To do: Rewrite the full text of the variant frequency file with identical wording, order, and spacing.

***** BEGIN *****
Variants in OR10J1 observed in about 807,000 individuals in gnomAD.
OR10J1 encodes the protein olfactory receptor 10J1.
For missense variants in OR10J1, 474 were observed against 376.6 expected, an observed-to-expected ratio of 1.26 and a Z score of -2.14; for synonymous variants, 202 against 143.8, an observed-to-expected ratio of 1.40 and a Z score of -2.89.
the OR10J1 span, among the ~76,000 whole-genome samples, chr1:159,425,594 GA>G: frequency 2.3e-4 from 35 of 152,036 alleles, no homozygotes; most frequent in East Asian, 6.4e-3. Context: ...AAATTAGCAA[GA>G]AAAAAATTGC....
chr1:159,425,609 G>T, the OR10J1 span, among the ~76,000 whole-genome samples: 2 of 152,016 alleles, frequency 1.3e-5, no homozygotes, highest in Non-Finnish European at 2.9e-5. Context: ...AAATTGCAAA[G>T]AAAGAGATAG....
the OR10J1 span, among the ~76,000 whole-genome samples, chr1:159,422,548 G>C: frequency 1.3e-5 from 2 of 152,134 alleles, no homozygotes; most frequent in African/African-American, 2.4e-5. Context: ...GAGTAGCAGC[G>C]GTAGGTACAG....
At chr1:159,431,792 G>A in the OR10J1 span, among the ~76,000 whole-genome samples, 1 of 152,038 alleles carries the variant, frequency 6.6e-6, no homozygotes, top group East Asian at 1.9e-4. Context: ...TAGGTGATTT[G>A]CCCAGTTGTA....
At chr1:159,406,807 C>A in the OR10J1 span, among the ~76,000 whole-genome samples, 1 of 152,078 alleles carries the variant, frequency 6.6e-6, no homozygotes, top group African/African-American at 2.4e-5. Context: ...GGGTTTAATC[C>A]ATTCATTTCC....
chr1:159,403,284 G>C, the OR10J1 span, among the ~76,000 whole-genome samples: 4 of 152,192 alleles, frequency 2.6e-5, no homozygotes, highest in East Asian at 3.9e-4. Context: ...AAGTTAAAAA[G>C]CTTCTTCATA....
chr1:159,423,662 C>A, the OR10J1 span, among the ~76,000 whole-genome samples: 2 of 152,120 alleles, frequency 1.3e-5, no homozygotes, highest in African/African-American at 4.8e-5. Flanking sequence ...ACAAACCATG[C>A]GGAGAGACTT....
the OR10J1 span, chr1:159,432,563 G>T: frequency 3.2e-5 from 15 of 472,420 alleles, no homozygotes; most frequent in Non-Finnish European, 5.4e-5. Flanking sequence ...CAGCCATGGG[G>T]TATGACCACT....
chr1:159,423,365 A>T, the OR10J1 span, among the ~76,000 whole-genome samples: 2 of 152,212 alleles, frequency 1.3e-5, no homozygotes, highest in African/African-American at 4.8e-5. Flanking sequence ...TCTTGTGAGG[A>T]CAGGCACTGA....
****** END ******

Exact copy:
Variants in OR10J1 observed in about 807,000 individuals in gnomAD.
OR10J1 encodes the protein olfactory receptor 10J1.
For missense variants in OR10J1, 474 were observed against 376.6 expected, an observed-to-expected ratio of 1.26 and a Z score of -2.14; for synonymous variants, 202 against 143.8, an observed-to-expected ratio of 1.40 and a Z score of -2.89.
the OR10J1 span, among the ~76,000 whole-genome samples, chr1:159,425,594 GA>G: frequency 2.3e-4 from 35 of 152,036 alleles, no homozygotes; most frequent in East Asian, 6.4e-3. Context: ...AAATTAGCAA[GA>G]AAAAAATTGC....
chr1:159,425,609 G>T, the OR10J1 span, among the ~76,000 whole-genome samples: 2 of 152,016 alleles, frequency 1.3e-5, no homozygotes, highest in Non-Finnish European at 2.9e-5. Context: ...AAATTGCAAA[G>T]AAAGAGATAG....
the OR10J1 span, among the ~76,000 whole-genome samples, chr1:159,422,548 G>C: frequency 1.3e-5 from 2 of 152,134 alleles, no homozygotes; most frequent in African/African-American, 2.4e-5. Context: ...GAGTAGCAGC[G>C]GTAGGTACAG....
At chr1:159,431,792 G>A in the OR10J1 span, among the ~76,000 whole-genome samples, 1 of 152,038 alleles carries the variant, frequency 6.6e-6, no homozygotes, top group East Asian at 1.9e-4. Context: ...TAGGTGATTT[G>A]CCCAGTTGTA....
At chr1:159,406,807 C>A in the OR10J1 span, among the ~76,000 whole-genome samples, 1 of 152,078 alleles carries the variant, frequency 6.6e-6, no homozygotes, top group African/African-American at 2.4e-5. Context: ...GGGTTTAATC[C>A]ATTCATTTCC....
chr1:159,403,284 G>C, the OR10J1 span, among the ~76,000 whole-genome samples: 4 of 152,192 alleles, frequency 2.6e-5, no homozygotes, highest in East Asian at 3.9e-4. Context: ...AAGTTAAAAA[G>C]CTTCTTCATA....
chr1:159,423,662 C>A, the OR10J1 span, among the ~76,000 whole-genome samples: 2 of 152,120 alleles, frequency 1.3e-5, no homozygotes, highest in African/African-American at 4.8e-5. Flanking sequence ...ACAAACCATG[C>A]GGAGAGACTT....
the OR10J1 span, chr1:159,432,563 G>T: frequency 3.2e-5 from 15 of 472,420 alleles, no homozygotes; most frequent in Non-Finnish European, 5.4e-5. Flanking sequence ...CAGCCATGGG[G>T]TATGACCACT....
chr1:159,423,365 A>T, the OR10J1 span, among the ~76,000 whole-genome samples: 2 of 152,212 alleles, frequency 1.3e-5, no homozygotes, highest in African/African-American at 4.8e-5. Flanking sequence ...TCTTGTGAGG[A>T]CAGGCACTGA....